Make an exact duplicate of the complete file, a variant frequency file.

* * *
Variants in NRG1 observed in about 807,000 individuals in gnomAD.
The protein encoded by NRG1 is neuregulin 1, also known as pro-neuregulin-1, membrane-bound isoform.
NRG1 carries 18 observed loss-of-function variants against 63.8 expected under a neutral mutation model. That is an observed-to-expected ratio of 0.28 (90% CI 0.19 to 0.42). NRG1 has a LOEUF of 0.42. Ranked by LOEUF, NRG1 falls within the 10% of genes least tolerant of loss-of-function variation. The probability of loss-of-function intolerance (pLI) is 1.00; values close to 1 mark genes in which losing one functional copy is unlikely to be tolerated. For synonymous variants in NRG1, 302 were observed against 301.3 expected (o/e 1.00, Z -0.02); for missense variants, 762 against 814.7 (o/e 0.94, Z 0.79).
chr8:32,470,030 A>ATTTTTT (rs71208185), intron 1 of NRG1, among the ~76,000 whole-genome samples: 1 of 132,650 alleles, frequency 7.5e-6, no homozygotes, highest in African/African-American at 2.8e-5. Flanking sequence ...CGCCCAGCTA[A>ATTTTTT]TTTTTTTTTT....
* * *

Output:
Variants in NRG1 observed in about 807,000 individuals in gnomAD.
The protein encoded by NRG1 is neuregulin 1, also known as pro-neuregulin-1, membrane-bound isoform.
NRG1 carries 18 observed loss-of-function variants against 63.8 expected under a neutral mutation model. That is an observed-to-expected ratio of 0.28 (90% CI 0.19 to 0.42). NRG1 has a LOEUF of 0.42. Ranked by LOEUF, NRG1 falls within the 10% of genes least tolerant of loss-of-function variation. The probability of loss-of-function intolerance (pLI) is 1.00; values close to 1 mark genes in which losing one functional copy is unlikely to be tolerated. For synonymous variants in NRG1, 302 were observed against 301.3 expected (o/e 1.00, Z -0.02); for missense variants, 762 against 814.7 (o/e 0.94, Z 0.79).
chr8:32,470,030 A>ATTTTTT (rs71208185), intron 1 of NRG1, among the ~76,000 whole-genome samples: 1 of 132,650 alleles, frequency 7.5e-6, no homozygotes, highest in African/African-American at 2.8e-5. Flanking sequence ...CGCCCAGCTA[A>ATTTTTT]TTTTTTTTTT....